The 1×1 filter was perhaps first described and popularized in the 2013 paper by Min Lin, et al.
in their paper titled “Network In Network.
”In the paper, the authors propose the need for an MLP convolutional layer and the need for cross-channel pooling to promote learning across channels.
This cascaded cross channel parametric pooling structure allows complex and learnable interactions of cross channel information.
— Network In Network, 2013.
They describe a 1×1 convolutional layer as a specific implementation of cross-channel parametric pooling, which, in effect, that is exactly what a 1×1 filter achieves.
Each pooling layer performs weighted linear recombination on the input feature maps, which then go through a rectifier linear unit.
[…] The cross channel parametric pooling layer is also equivalent to a convolution layer with 1×1 convolution kernel.
— Network In Network, 2013.
The 1×1 filter was used explicitly for dimensionality reduction and for increasing the dimensionality of feature maps after pooling in the design of the inception module, used in the GoogLeNet model by Christian Szegedy, et al.
in their 2014 paper titled “Going Deeper with Convolutions.
”The paper describes an “inception module” where an input block of feature maps is processed in parallel by different convolutional layers each with differently sized filters, where a 1×1 size filter is one of the layers used.
Example of the Naive Inception ModuleTaken from Going Deeper with Convolutions, 2014.
The output of the parallel layers are then stacked, channel-wise, resulting in very deep stacks of convolutional layers to be processed by subsequent inception modules.
The merging of the output of the pooling layer with the outputs of convolutional layers would lead to an inevitable increase in the number of outputs from stage to stage.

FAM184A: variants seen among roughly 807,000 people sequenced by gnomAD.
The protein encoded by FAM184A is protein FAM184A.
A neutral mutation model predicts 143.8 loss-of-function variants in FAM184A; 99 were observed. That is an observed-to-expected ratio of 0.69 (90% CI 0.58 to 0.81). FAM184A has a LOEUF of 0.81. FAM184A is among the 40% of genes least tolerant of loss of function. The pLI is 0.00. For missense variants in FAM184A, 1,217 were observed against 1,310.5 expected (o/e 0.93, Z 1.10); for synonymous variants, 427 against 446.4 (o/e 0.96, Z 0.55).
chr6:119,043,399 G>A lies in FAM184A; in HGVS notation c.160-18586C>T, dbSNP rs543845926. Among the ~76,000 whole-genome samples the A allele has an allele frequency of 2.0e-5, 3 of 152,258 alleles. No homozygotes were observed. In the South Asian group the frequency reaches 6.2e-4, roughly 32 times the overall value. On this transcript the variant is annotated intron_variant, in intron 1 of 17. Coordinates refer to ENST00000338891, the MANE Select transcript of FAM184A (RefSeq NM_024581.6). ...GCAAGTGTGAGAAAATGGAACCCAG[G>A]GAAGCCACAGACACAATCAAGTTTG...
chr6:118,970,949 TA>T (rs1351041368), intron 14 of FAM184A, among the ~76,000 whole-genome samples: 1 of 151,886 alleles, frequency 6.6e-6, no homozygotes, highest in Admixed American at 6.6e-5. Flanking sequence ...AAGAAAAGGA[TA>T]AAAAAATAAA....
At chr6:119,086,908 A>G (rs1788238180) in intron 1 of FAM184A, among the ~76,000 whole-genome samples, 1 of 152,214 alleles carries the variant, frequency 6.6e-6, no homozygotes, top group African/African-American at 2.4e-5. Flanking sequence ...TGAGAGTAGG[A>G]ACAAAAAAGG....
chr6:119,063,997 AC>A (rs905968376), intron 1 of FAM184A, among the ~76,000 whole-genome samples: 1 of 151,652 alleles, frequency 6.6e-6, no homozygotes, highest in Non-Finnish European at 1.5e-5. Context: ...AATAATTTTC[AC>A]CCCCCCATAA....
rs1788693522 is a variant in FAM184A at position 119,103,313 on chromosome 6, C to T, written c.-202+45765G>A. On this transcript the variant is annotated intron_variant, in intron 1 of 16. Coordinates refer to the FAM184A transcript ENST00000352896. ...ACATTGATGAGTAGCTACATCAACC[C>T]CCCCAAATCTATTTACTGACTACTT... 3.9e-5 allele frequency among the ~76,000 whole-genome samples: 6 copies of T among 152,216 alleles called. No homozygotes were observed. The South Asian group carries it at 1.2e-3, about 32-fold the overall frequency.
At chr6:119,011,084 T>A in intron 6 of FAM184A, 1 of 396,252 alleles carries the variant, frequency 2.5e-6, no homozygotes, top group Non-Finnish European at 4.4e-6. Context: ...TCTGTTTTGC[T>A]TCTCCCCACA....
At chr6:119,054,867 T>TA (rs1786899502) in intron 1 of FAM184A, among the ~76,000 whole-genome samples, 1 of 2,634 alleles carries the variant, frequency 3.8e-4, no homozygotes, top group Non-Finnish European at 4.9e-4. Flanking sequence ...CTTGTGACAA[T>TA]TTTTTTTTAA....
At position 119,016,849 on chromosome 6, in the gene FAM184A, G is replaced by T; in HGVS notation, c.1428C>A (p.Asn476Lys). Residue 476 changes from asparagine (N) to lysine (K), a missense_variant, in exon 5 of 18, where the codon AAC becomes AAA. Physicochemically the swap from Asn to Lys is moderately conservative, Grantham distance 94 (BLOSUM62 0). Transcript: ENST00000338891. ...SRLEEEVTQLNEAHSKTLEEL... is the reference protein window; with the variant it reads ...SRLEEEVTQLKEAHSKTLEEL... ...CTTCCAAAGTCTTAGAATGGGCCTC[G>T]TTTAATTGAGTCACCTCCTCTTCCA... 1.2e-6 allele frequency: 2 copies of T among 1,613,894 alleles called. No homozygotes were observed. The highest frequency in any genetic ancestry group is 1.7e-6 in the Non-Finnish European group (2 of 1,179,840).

Even while this architecture might cover the optimal sparse structure, it would do it very inefficiently, leading to a computational blow up within a few stages.
— Going Deeper with Convolutions, 2014.
The inception module is then redesigned to use 1×1 filters to reduce the number of feature maps prior to parallel convolutional layers with 5×5 and 7×7 sized filters.
This leads to the second idea of the proposed architecture: judiciously applying dimension reductions and projections wherever the computational requirements would increase too much otherwise.
[…] That is, 1×1 convolutions are used to compute reductions before the expensive 3×3 and 5×5 convolutions.
Besides being used as reductions, they also include the use of rectified linear activation which makes them dual-purpose— Going Deeper with Convolutions, 2014.
The 1×1 filter is also used to increase the number of feature maps after pooling, artificially creating more projections of the downsampled feature map content.
Example of the Inception Module With Dimensionality ReductionTaken from Going Deeper with Convolutions, 2014.
The 1×1 filter was used as a projection technique to match the number of filters of input to the output of residual modules in the design of the residual network by Kaiming He, et al.
in their 2015 paper titled “Deep Residual Learning for Image Recognition.
”The authors describe an architecture comprised of “residual modules” where the input to a module is added to the output of the module in what is referred to as a shortcut connection.
Because the input is added to the output of the module, the dimensionality must match in terms of width, height, and depth.
Width and height can be maintained via padding, although a 1×1 filter is used to change the depth of the input as needed so that it can be added with the output of the module.
This type of connection is referred to as a projection shortcut connection.
Further, the residual modules use a bottleneck design with 1×1 filters to reduce the number of feature maps for computational efficiency reasons.
The three layers are 1×1, 3×3, and 1×1 convolutions, where the 1×1 layers are responsible for reducing and then increasing (restoring) dimensions, leaving the 3×3 layer a bottleneck with smaller input/output dimensions.
— Deep Residual Learning for Image Recognition, 2015.
Example of a Normal and Bottleneck Residual Modules With Shortcut ConnectionsTaken from Deep Residual Learning for Image Recognition, 2015.
This section provides more resources on the topic if you are looking to go deeper.
In this tutorial, you discovered how to use 1×1 filters to control the number of feature maps in a convolutional neural network.